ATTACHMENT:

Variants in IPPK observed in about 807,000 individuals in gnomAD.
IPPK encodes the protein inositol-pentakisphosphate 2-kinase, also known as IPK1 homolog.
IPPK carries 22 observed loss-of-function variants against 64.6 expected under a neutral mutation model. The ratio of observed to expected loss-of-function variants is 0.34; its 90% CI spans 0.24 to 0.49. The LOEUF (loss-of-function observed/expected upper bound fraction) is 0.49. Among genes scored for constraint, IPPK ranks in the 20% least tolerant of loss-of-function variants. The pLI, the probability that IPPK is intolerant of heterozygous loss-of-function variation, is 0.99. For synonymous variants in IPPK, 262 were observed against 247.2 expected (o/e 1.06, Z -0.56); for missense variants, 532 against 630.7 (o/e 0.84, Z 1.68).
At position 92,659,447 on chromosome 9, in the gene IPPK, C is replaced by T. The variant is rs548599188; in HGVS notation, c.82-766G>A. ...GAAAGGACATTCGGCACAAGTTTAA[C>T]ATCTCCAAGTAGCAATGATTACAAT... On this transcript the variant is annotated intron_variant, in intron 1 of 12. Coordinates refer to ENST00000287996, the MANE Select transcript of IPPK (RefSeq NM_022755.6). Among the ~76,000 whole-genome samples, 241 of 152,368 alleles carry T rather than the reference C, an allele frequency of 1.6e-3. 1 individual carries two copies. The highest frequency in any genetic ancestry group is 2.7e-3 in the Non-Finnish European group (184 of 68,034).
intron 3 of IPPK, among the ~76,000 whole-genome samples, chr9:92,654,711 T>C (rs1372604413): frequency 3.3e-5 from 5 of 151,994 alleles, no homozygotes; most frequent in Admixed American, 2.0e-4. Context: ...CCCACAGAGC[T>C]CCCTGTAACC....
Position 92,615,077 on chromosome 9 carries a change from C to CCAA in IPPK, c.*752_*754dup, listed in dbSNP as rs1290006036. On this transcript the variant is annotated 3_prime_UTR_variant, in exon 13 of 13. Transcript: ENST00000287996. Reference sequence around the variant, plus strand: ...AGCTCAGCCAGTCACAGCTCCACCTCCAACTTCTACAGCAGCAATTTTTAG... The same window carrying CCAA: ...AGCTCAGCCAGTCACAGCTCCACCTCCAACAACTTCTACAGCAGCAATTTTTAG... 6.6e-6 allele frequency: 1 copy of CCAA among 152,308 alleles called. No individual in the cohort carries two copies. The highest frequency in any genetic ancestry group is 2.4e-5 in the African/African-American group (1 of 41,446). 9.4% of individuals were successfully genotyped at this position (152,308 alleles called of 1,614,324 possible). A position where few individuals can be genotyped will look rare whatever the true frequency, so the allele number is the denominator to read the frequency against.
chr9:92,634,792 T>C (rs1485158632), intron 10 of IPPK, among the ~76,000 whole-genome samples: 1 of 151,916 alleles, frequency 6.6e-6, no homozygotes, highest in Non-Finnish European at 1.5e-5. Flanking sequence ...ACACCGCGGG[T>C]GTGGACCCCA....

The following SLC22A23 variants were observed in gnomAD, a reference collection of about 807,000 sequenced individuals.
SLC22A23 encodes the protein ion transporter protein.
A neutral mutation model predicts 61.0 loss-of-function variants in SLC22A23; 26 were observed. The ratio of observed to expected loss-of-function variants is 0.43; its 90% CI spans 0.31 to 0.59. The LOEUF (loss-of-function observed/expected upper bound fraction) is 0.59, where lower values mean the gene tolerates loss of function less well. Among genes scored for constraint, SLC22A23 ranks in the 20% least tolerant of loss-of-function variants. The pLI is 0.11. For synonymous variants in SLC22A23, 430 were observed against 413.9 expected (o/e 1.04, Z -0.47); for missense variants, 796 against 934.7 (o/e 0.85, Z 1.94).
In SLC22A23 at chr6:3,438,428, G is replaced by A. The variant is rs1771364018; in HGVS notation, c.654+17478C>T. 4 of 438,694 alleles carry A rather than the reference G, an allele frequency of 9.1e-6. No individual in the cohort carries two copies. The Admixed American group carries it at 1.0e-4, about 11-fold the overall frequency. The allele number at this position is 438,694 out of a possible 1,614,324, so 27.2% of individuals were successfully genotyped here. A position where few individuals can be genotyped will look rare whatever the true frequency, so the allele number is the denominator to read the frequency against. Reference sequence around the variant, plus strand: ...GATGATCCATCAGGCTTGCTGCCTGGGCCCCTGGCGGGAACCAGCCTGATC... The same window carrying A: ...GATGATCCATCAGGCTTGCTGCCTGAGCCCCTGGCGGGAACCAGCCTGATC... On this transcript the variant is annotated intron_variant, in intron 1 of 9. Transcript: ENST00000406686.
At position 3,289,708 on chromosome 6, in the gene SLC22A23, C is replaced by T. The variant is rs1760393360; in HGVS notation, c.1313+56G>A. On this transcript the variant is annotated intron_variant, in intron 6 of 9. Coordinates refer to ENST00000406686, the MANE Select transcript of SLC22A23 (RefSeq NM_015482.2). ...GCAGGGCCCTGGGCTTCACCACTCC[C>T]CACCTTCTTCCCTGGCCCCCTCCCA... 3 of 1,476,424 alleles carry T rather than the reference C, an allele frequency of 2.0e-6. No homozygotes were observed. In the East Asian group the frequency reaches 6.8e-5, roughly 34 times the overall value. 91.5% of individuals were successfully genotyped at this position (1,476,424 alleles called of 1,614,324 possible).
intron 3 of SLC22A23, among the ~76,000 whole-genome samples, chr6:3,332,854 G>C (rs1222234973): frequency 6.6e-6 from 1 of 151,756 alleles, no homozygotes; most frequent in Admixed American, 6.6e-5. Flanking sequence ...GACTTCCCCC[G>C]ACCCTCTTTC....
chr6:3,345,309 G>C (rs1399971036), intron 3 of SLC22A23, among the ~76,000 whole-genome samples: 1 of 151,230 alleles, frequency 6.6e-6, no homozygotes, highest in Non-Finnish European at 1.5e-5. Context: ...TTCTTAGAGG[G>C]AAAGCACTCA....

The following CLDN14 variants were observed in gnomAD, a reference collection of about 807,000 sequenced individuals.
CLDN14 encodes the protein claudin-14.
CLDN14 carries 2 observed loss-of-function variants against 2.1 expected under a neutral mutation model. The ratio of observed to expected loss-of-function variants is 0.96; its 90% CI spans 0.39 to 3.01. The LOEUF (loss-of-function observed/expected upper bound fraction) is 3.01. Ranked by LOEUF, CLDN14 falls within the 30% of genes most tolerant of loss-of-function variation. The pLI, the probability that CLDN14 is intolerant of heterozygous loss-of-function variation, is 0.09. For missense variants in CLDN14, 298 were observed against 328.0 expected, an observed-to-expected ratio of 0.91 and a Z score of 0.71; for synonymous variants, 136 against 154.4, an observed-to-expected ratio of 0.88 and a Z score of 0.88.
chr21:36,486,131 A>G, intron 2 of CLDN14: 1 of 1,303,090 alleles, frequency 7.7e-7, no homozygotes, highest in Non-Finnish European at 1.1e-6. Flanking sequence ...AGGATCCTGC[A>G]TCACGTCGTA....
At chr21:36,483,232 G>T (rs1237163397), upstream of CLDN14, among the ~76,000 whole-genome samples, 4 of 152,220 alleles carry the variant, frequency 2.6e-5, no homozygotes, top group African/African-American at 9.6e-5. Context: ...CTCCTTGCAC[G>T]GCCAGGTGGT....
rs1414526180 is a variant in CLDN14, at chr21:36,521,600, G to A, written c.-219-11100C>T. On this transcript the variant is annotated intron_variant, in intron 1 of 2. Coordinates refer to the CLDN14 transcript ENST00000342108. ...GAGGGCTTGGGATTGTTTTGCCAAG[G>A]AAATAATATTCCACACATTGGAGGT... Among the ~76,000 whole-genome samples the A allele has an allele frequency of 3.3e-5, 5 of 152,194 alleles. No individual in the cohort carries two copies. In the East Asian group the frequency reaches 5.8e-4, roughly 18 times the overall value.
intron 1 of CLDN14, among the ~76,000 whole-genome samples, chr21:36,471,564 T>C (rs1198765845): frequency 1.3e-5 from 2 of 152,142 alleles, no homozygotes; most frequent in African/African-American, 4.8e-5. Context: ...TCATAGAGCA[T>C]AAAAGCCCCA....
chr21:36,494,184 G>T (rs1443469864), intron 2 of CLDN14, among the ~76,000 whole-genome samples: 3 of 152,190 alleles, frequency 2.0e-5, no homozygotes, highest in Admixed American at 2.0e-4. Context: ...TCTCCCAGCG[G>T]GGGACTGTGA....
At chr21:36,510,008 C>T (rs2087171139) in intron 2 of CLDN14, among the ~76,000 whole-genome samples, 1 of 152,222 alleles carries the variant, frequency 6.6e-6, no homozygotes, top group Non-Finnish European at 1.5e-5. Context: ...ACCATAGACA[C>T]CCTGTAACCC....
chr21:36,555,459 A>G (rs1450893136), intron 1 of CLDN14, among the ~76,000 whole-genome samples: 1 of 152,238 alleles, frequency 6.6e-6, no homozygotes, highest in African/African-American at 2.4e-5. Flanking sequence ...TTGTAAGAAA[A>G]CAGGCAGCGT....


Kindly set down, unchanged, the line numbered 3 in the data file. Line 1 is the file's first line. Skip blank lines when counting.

IPPK carries 22 observed loss-of-function variants against 64.6 expected under a neutral mutation model. The ratio of observed to expected loss-of-function variants is 0.34; its 90% CI spans 0.24 to 0.49. The LOEUF (loss-of-function observed/expected upper bound fraction) is 0.49. Among genes scored for constraint, IPPK ranks in the 20% least tolerant of loss-of-function variants. The pLI, the probability that IPPK is intolerant of heterozygous loss-of-function variation, is 0.99. For synonymous variants in IPPK, 262 were observed against 247.2 expected (o/e 1.06, Z -0.56); for missense variants, 532 against 630.7 (o/e 0.84, Z 1.68).